UN Resident Coordinator in Bangladesh Gwyn Lewis has said development work in the Chittagong Hill Tracts has been hugely successful but lack of access and remoteness of many communities remains an ongoing challenge.

“The indigenous communities in the CHT have led impressive efforts to preserve and rehabilitate forests and their natural habitat. Climate change has made their work even more vital,” Lewis said on Thursday.

The resident coordinator also said that the visit provided her with a scope to familiarize herself with the region, listen to the concerns of women and adolescents and visit a range of different programs, according to a press release. 


“UN and Partners’ support in CHT must be inclusive and in line with Agenda 2030’s promise of leaving no one behind to achieve a concerted, effective and sustainable development of the Chittagong Hill Tracts,” she added.

A high-level delegation of the United Nations in Bangladesh and key development partners just concluded a visit to the Chittagong Hill Tracts to see first-hand the development initiatives in the area.

The week-long visit from November 13 to November 17 covered the hill districts of Khagrachhari and Rangamati.

The delegation included UN Resident Coordinator Gwyn Lewis, EU Ambassador Charles Whiteley, UK High Commissioner Robert Chatterton Dickson and Norway Ambassador Espen Rikter-Svendsen.


UNDP Resident Representative Stefan Liller, UNFPA Country Representative Kristine Blokhus, FAO Country Representative Robert Simpson and UNICEF Country Representative Sheldon Yett were also in the delegation.

EU Ambassador Charles Whiteley said the European Union has been a staunch supporter of the UN’s development work in this region.

“We want a peaceful, prosperous future for the people of the hills while maintaining their dignity and equality and their traditional stewardship of natural resources,” he said.

“This is my third visit to the Hill Tracts. I am always struck by the development challenges in the region and by the opportunities for the government, the UN, development partners, and the communities themselves to work together for a sustainable future. I was particularly impressed by the impact of the Village Common Forests in improving water supplies in remote communities and hope this management of forest resources can be expanded to the benefit of all,” UK envoy Robert Chatterton Dickson said.

“As one of the founding nations of the UN and a major supporter of core support to the UN Agencies, our commitment to peace, equality, and harmony are unquestionable. I wanted to revisit our partnerships in the hills to see just that,” Norway Ambassador Espen Rikter-Svendsen said. 

The envoys met Khagrachhari and Rangamati Hill District Councils Chairmen and Deputy Commissioners, Mong and Chakma Circle Chiefs, women leaders, environmental NGOs and the CHT Development Board. 

The delegation also listened to diverse community members’ stories, challenges and recommendations while visiting various UN programs. 

One of the many highlights was their visit to the solar power-based safe water supply facilities and the provision of safe drinking water during crises at Jurachari Upazila of Rangamati District.

The initiative was recently awarded the Local Adaptation Champions Award at the COP27 climate summit in Egypt. Another was listening to the achievements of women entrepreneurs in the region.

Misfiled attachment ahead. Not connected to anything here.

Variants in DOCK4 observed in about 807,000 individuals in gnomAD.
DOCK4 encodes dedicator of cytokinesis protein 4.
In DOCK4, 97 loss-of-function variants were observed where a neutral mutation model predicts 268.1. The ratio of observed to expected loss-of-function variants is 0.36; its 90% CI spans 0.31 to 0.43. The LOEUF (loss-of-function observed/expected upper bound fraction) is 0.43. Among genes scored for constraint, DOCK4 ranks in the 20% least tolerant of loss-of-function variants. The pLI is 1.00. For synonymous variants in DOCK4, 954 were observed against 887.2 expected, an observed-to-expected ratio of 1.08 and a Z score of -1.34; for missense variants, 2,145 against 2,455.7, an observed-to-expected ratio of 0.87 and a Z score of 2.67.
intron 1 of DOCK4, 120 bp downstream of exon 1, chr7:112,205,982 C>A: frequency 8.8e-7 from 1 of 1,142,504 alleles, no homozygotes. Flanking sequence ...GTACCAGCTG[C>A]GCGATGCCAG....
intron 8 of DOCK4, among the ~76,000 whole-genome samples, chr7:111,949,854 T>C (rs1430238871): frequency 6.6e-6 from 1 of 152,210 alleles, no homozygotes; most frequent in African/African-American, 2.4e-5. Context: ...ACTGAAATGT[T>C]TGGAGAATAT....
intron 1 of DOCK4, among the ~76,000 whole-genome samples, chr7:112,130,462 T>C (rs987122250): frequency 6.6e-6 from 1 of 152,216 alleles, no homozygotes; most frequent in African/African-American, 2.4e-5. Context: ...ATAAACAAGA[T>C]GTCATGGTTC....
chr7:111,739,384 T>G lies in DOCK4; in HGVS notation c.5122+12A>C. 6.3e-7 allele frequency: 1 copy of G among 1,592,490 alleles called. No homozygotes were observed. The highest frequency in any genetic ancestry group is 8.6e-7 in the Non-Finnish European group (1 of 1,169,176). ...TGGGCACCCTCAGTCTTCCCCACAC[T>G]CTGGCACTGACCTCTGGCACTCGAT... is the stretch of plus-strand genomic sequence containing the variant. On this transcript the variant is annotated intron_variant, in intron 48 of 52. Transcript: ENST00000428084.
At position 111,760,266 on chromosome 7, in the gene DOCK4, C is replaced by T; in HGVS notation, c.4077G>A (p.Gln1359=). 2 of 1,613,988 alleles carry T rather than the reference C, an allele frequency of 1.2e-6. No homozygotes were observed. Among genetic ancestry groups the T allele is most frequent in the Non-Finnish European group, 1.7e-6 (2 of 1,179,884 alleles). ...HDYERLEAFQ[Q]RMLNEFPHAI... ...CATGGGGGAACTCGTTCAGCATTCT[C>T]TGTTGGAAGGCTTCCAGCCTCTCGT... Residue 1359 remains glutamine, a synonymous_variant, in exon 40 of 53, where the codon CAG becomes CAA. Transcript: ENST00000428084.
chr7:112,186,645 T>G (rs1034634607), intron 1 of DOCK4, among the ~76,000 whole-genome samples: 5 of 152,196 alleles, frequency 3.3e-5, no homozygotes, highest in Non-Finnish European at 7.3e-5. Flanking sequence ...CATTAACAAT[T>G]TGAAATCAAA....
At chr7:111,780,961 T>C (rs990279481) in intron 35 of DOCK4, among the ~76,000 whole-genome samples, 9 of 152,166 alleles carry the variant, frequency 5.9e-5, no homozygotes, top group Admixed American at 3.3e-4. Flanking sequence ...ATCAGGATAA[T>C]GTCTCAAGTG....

Greater involvement of women in the development of CHT will strengthen economic growth and build the resilience of families.

“We are addressing the issue of water scarcity by protecting and restoring forests and by using renewable energy to supply clean water in marginalized communities,” said Stefan Liller, Resident Representative of UNDP Bangladesh, after visiting the water supply facility.

“The people of the Hills face many challenges, including access to education, healthcare, livelihoods and water, coupled with increasing impacts of climate change. We have worked extensively in the Hill Tracts since the signing of the Peace Accords, and we will continue to stand by the people here,” he added.

“Children must be at the centre of our work in the Chittagong Hill Tracts. Investing in children’s well-being today and in their future is not just the right thing to do; it will ultimately benefit all of Bangladesh,” said Sheldon Yett, UNICEF Representative to Bangladesh.

UNFPA Representative Kristine Blokhus said: “Women in CHT face serious challenges due to remoteness and lack of access to health services. To ensure every pregnancy is wanted and every childbirth is safe, as the lead UN agency for reproductive health and rights, UNFPA provides integrated sexual and reproductive health and gender-based violence support to the government health system. This includes deploying midwives and other specialist personnel to health facilities and connecting them with local communities.”

FAO Representative in Bangladesh Robert D Simpson stressed the importance of agriculture in the region and its potential to drive development. 

He said: “The majority of people living in CHT depend on agriculture for their livelihoods and food and nutrition security. The region has great potential to develop the production of high-value crops such as coffee, mango, and pineapple, which would raise families’ incomes, but development must be managed well in order to deliver equitable economic growth and protection for the environment.”

The mission ended on November 17 with a promise to further strengthen the work with the government of Bangladesh to achieve prosperous, inclusive, resilient, and sustainable Chittagong Hill Tracts, leaving no one behind.

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